AAM Survey Finds One-Third of US Museums May not Survive Pandemic

Yesterday, the American Alliance of Museums released the results of a survey designed to understand how museums are weathering the COVID-19 pandemic. According to the results, many museums face an uncertain future.

The survey asked directors of 760 museums across the country about their plans for reopening, the financial impact of the pandemic, and the services they were providing during the outbreak. Perhaps the most startling finding for those in the museum world was that one-third of the respondents were unsure their institutions could survive for sixteen months without additional financial relief. More than that, eighty-seven percent of museums reported only have twelve months or less worth of operating funds remaining. Almost two-thirds of respondents anticipated having to make cuts to programming, education, or staff in order to recover from budget shortfalls.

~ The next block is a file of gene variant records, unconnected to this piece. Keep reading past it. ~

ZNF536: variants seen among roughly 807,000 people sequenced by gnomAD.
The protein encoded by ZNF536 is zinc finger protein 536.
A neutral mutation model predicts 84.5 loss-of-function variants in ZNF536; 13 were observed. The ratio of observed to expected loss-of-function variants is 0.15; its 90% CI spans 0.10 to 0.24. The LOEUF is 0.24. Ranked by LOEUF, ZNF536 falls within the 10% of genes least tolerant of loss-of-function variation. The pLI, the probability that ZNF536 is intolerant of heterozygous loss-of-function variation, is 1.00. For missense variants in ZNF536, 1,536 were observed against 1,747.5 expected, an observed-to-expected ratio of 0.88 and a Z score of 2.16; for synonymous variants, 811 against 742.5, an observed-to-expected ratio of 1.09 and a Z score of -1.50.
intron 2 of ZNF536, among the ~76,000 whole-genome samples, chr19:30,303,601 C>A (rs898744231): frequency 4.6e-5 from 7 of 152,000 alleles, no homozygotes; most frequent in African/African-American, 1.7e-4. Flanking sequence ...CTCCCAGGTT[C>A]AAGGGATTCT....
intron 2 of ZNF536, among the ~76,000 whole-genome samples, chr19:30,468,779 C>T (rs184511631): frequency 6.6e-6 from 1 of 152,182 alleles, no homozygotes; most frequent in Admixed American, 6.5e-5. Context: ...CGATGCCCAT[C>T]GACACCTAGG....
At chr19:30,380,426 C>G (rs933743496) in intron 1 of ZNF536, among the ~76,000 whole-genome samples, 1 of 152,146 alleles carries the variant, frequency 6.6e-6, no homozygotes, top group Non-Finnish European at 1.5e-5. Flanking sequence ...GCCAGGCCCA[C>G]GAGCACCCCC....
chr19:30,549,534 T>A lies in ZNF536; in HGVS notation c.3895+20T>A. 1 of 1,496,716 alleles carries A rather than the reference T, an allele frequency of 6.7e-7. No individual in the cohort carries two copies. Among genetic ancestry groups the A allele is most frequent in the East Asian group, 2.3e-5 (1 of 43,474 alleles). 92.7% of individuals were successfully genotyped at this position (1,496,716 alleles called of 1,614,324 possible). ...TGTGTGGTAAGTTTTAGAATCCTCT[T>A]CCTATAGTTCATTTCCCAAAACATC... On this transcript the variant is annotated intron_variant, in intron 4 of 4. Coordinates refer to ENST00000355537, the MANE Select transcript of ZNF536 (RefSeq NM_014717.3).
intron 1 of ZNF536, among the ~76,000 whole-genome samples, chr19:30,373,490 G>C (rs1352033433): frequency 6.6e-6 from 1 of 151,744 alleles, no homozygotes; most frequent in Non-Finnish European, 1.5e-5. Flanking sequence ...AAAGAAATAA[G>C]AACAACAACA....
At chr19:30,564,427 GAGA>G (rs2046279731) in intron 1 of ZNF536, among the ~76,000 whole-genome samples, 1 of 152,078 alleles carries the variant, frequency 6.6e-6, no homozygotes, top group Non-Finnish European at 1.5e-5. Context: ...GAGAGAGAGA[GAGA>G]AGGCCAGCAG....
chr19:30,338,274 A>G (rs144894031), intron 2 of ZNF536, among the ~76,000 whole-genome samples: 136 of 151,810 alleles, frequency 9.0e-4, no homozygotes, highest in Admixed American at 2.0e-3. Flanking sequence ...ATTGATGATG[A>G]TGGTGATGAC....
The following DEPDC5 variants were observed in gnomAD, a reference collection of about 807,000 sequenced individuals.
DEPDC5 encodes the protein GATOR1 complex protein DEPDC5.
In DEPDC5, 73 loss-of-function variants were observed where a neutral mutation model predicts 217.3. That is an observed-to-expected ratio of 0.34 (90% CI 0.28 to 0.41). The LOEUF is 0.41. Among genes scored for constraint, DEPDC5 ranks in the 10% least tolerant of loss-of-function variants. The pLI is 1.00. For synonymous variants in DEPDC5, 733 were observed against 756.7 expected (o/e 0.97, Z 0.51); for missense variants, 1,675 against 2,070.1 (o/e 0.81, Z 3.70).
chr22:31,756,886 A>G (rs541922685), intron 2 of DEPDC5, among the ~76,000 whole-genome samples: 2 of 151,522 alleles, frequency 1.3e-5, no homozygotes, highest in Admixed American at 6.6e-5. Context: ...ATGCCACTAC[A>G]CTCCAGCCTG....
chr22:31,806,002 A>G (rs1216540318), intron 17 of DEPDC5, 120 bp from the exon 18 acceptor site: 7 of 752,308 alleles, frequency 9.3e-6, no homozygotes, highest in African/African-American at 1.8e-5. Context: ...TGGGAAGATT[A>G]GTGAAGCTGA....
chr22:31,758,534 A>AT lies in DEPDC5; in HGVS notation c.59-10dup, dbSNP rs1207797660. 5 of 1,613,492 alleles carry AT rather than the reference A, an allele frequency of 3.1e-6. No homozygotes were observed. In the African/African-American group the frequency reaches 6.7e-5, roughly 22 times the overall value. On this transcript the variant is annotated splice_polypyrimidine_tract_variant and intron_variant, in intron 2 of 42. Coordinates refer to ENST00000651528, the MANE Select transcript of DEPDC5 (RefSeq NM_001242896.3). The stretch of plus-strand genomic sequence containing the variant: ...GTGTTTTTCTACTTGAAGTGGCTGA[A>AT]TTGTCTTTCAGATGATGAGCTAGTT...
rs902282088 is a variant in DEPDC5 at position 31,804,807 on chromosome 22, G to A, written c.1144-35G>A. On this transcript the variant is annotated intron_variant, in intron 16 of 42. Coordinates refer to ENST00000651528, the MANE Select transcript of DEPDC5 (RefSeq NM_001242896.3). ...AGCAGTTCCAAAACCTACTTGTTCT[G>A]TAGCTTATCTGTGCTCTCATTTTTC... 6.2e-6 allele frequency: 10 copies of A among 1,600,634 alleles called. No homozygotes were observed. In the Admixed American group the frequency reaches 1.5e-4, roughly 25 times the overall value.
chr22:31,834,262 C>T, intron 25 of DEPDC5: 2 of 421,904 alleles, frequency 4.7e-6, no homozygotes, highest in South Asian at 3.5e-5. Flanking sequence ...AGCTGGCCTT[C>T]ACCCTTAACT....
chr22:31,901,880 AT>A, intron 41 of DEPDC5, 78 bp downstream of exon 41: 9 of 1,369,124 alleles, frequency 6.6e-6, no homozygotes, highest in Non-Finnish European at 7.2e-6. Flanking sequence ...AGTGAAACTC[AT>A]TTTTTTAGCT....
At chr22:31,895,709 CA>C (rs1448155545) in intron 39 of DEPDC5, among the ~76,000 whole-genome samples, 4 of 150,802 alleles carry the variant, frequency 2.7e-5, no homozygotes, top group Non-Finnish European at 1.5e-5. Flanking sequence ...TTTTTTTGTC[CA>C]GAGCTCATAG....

On a more positive note, the survey indicates that some museums workers have held onto their jobs through the pandemic so far. While many prominent museums have announced significant layoffs, fifty-six percent of the directors in the survey indicated that they have not laid off or furloughed any staff. The results do seem to indicate that those with more precarious employment prior to the pandemic were the most hard hit; more institutions reported laying off or furloughing part-time workers than full-time workers.

AAM President and CEO Laura Lott described why the public may not understand the full impact of the pandemic on museums. “There’s a large public perception that museums rely on government support, when the reality is they get only a quarter of their funding from the government,” Lott said.

Delaware Public Media reports that some museums have already closed permanently due to the pandemic, including the Annenberg Space for Photography in Los Angeles and World of Speed, an Oregon motor sports museum.